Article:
In addition, CDPH has scheduled dozens of mobile vaccination events in the coming weeks to administer bivalent booster vaccines and flu vaccines for high-risk populations such as senior centers, CHA facilities and other congregate living settings, as well as general vaccination events all over the city in partnership with aldermen and community and religious organizations.
COVID-19 By the Numbers
The number of new laboratory-confirmed COVID-19 cases per 100,000 population in the past 7 days across Cook County was 127 (116 last week), and the number of new weekly hospital admissions per 100,000 population was 8.7 (9.6 last week). The percentage of staffed inpatient beds in Cook County in use by patients with confirmed COVID-19 was 3.5 percent (3.8 percent last week).
The City’s COVID-19 weekly case rate per 100,000 population is 86 (100 last week), and the number of new weekly hospital admissions per 100,000 population is 6.4 (6.6 last week). The percentage of hospital beds occupied by patients with COVID-19 is 3.5 percent (3.6 percent last week).
Based on the latest data from CDC, Cook County levels are as follows.
New Cases (per 100,000 people in last 7 days)
New COVID-19 admissions per 100,000 population (7-day total)
Proportion of staffed inpatient beds occupied by COVID-19 patients (7-day average)
|[GOAL is <200]||[GOAL is <10]||[GOAL is <10%]|
|City of Chicago||86||6.4%||3.5%|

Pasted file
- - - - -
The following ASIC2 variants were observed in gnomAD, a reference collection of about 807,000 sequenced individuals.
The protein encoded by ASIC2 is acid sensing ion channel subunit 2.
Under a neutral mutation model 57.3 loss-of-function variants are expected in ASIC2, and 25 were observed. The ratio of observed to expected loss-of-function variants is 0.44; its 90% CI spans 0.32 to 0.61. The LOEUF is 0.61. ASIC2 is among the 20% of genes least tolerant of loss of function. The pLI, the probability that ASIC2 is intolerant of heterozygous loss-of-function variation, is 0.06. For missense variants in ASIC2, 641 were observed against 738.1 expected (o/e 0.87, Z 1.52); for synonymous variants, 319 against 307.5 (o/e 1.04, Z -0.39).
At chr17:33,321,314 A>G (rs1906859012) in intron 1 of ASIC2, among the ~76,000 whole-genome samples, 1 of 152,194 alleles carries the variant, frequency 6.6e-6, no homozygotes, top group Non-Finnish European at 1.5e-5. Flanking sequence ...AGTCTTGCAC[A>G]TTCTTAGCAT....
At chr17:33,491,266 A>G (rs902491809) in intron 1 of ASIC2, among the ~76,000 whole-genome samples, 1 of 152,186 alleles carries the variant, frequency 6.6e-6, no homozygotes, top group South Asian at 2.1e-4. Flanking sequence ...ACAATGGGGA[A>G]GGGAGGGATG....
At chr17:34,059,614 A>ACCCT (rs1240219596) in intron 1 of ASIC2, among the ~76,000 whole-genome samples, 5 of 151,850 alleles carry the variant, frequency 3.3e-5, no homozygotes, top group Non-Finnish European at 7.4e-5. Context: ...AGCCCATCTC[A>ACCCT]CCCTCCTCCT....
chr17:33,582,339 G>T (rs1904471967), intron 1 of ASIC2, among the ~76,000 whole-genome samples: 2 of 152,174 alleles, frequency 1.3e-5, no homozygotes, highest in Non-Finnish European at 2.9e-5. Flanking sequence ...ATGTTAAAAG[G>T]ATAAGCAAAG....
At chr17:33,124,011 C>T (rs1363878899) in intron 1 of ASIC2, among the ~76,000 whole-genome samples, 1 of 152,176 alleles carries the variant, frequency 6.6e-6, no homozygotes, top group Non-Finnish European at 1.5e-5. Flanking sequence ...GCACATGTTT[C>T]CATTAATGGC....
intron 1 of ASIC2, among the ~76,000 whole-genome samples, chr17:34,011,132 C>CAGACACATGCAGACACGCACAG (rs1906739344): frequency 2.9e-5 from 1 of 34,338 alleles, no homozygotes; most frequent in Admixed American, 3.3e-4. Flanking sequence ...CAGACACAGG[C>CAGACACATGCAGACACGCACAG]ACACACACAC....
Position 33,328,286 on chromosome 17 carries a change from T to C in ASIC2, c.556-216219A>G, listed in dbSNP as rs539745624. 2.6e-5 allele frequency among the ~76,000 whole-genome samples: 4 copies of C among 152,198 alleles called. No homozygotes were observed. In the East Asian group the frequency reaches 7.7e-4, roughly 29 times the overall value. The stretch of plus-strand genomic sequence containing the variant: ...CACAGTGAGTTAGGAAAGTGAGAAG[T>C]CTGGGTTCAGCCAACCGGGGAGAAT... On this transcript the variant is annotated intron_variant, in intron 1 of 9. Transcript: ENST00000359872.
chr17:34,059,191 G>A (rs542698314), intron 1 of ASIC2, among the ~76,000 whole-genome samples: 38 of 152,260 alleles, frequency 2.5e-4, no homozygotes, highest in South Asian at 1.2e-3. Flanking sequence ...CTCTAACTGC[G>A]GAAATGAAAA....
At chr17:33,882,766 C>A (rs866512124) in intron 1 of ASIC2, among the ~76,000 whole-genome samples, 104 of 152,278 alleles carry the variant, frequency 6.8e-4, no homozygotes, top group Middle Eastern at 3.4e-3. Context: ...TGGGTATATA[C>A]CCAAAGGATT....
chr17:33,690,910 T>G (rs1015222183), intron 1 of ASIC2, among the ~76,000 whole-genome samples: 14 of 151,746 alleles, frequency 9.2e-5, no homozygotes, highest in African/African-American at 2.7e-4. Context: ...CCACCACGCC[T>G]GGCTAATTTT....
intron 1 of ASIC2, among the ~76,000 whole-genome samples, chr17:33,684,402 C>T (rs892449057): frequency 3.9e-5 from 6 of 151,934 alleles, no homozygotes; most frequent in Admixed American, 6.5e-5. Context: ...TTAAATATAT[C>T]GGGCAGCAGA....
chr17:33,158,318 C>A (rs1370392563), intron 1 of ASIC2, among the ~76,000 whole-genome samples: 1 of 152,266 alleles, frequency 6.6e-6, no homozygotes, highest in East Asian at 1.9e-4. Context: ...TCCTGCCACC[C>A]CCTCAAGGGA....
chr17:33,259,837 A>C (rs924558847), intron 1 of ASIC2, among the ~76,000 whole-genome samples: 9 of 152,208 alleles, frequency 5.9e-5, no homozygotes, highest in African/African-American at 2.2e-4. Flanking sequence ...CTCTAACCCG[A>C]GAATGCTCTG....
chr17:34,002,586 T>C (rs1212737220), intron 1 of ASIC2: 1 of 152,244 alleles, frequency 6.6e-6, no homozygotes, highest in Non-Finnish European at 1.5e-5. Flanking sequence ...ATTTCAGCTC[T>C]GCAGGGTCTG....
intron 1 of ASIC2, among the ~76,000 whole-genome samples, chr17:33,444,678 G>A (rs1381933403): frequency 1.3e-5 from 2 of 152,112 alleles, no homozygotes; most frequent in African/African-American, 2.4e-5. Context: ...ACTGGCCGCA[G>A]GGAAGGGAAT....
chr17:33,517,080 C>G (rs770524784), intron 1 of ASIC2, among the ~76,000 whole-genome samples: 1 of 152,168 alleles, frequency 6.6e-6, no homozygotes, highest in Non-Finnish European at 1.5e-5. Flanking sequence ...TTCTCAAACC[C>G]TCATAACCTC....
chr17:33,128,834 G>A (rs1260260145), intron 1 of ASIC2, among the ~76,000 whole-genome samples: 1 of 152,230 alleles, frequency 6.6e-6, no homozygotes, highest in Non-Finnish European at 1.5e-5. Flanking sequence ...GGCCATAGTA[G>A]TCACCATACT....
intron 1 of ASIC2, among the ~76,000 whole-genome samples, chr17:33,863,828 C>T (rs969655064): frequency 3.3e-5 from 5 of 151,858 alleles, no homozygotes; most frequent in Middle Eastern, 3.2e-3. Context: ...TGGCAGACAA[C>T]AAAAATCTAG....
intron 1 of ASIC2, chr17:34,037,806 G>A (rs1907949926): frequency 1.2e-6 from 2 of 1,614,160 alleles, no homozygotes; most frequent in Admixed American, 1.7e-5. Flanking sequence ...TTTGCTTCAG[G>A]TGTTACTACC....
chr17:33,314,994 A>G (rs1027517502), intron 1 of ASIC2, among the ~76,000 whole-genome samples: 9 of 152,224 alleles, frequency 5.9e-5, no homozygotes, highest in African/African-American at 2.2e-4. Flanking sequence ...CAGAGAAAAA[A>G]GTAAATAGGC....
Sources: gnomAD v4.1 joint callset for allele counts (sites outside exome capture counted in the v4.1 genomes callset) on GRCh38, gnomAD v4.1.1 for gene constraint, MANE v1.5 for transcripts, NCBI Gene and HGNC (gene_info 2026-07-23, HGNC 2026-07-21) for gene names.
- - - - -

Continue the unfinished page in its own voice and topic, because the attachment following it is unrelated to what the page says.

|Cook County (including City of Chicago)||127||8.7%||3.5%|
|Cook County metrics are calculated by the CDC and posted on the CDC Community Levels website (data as of 9/29/2022).|
The CDC determines COVID-19 Community Levels as Low, Medium, or High, based on the number of new local COVID-19 cases, regional COVID-19 hospital admissions, and COVID-19 hospital capacity in the prior week. The Levels were developed to help communities decide what prevention steps to take based on the latest local COVID-19 data.
When the CDC updates its COVID-19 Community Levels national map each week, the City of Chicago and suburban Cook County data are combined into one weekly case metric for Cook County. Hospitalization data, in contrast, reflect a burden on the whole federally defined Health Service Area, which includes hospitals in Cook, Lake, DuPage, and McHenry counties.
CDPH also continues to track and report COVID-19 hospital burden specifically for Chicago hospitals every day on its dashboard and uses this local hospital data to make further mitigation decisions. Visitfor the Chicago COVID-19 daily data dashboard.
COVID-19 Community Levels in the U.S. by County
Nationwide, cases continue to gradually decline, with only three percent of U.S. counties at the High Level, and 23 percent at the Medium Level. Earlier this summer, the percentage of counties at the Medium or High Levels was at times as high as 80 percent. In Illinois, there are no counties at the High Level, and 20 of the state’s 102 counties are now Medium.
Travelers should review CDPH’s travel guidance and check the CDC map to know whether areas they are visiting are Low, Medium, or High risk for COVID-19 and take proper precautions.
|Community Level||Number of Counties||Percent of Counties||% Change from Prior Week|
For additional COVID-19 news, see CDPH’s weekly update or visit Chicago.gov/COVID.